February 26, 2016 by sz
February 29 – March 31: Invitational
Week of March 28: Lunch debrief
Environmental invitation: Make Positive Calls Home
This month our invitation is to make personal calls to as many students as you can. Parents are used to getting calls when something’s wrong, or when their children are in trouble, so it’s a real treat to get a call with good news.
You don’t even have to have any news to share. Why not just call to say that you enjoy having their child in your class?
Granted, it would be easier to have something to say to the parents when you call, so try keeping brief notes of students who did great work that day, helped another student, or just smiled and said hello to you. Use those notes as your call list for the day.
Here are a couple examples from teachers who call parents on a regular basis. Both note that they spend 10-15 minutes each day either calling or texting parents.
Building Relationships: “‘No significant learning takes place without a significant relationship.'”
The Power of the Positive Phone Call Home: “What shocked and saddened me were the parents who would say, ‘I don’t think anyone has ever called me from school with anything positive about my child.'”
Imagine the effect we’d have on our students and their families if all our teachers spent just 10 minutes sharing positive messages with our students’ parents!!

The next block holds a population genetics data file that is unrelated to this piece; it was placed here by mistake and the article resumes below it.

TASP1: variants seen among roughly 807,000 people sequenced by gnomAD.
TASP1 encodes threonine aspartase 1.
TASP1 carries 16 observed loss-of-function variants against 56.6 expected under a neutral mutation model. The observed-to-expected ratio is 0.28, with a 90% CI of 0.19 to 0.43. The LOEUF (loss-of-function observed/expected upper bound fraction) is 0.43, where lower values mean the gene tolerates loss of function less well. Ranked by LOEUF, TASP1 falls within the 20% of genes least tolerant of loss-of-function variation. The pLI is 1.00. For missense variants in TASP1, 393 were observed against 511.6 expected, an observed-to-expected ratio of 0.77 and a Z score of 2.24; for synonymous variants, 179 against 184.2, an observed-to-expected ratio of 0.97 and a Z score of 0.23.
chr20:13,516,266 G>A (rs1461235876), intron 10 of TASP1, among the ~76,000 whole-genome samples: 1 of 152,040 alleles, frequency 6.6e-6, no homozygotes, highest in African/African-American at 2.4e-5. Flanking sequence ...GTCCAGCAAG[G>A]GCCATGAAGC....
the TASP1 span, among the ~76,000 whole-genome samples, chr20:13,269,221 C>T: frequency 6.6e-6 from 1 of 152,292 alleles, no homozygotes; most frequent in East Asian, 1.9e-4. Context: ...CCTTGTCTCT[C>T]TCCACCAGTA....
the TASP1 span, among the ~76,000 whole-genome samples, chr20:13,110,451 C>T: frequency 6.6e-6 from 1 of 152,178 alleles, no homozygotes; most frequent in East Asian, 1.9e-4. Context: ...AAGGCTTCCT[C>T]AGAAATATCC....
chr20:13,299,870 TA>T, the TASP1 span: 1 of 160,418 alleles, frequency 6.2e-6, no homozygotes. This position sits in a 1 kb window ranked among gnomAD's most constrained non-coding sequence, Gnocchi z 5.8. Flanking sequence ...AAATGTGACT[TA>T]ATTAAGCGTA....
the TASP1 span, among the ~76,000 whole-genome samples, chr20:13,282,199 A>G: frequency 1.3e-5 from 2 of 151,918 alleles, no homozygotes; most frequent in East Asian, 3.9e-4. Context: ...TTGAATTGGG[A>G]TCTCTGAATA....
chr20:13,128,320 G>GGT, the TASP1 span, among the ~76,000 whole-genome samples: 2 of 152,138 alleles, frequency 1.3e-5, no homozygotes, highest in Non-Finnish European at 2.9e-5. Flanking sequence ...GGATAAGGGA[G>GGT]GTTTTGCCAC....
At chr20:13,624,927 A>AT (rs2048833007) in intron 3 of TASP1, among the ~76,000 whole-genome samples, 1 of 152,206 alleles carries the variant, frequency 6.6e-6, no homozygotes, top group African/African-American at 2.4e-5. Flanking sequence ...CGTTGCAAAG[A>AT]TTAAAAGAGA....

Instructional invitation: Cultivating student inquiry and questioning in your classroom
Now that we’re completely immersed in the information age and answers to our questions are literally at our finger tips, Thom Markham argues, “Education’s core task is to prepare young people to generate new ideas, filter them through a net of critical analysis and reflection, and move the ideas through a design process to create a quality product, either as an idea or a material object.”
One way we can foster this process is to help students create their own questions. Two years ago on our opening staff development day, Chris Long introduced our staff to the Question Formulation Technique. I know many of us who tried out the technique that first week to varying degrees of success. I for one have stuck with the process and I’ve become more adept at using it effectively in my class. I’ve also seen some of the most powerful student work as a result of students’ inquiry and exploration on a question they have about a topic.
So for the month of March the instructional invitation is to cultivate student inquiry and encourage student questioning in your classroom.
This will coincide with the Right Question Institute’s Question of the Week event. On their web page they list several exercises to build our questioning acumen:
- 10 questions in 10 minutes
- Why? What if? How?
- How might we?
- The 5 whys (Don’t miss Theriault’s post on asking why)
Try these or come up with your own and share your results with the hashtags: #QuestionWeek and #BaronsAsk.
Why don’t you join us this month?